… (the investments) that will most likely do best will be those that do well when the value of money is being depreciated and domestic and international conflicts are significant, such as gold … most investors are underweighted in such assets, meaning that if they just wanted to have a better balanced portfolio to reduce risk, they would have more of this sort of asset. For this reason, I believe that it would be both risk-reducing and return-enhancing to consider adding gold to one’s portfolio.

As I write Wednesday morning, gold is up 2% on the day — just the latest in an explosive move that started in late May, as you can see below …

Now, gold is just one part of a comprehensive defensive strategy. There’s plenty more you can do to protect your wealth. To read more on this as part of Eric’s bear market blueprint, click here.

As we wrap up today’s Digest, let’s make sure we’re on the same page — despite the market upheaval as I write on Wednesday, I’m not suggesting we’re standing on the edge of a bear market.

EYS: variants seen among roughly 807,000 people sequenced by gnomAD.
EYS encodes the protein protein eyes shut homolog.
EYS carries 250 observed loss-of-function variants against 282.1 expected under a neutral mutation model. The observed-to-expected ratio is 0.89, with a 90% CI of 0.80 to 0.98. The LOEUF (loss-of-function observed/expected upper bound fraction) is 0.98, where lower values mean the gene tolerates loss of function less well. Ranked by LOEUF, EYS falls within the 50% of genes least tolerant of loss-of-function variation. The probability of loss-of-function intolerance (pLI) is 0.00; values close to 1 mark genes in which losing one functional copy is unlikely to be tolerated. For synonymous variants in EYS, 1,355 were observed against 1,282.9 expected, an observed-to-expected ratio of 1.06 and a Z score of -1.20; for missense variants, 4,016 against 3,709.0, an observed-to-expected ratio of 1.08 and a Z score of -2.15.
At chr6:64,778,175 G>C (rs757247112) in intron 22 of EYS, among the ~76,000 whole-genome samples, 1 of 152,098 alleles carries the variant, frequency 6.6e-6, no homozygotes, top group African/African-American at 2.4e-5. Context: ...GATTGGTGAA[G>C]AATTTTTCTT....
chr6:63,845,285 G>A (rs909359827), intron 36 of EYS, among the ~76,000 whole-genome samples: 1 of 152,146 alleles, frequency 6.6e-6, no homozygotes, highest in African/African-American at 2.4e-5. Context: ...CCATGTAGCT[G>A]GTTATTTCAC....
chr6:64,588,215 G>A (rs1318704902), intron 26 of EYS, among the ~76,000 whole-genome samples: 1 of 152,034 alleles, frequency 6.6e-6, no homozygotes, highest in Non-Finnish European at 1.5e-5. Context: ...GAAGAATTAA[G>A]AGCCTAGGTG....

But one of the smartest investors in the world sees storm clouds in the distance. Beyond that, it’s common sense that markets are cyclical, and there’s a good deal of evidence suggesting we’re toward the tail end of our current cycle.

Given this, it’s not too early to begin thinking about wise portfolio modifications that reflect the market conditions of tomorrow, not yesterday. Getting into position now could make all the difference later. After all, would you rather buy flood insurance when the skies are sunny, or during a downpour that’s already dumped three feet of rising water in your basement?

We’ll continue to bring you offensive and defensive strategies for the next paradigm here in the Digest.

Have a good evening,

Jeff Remsburg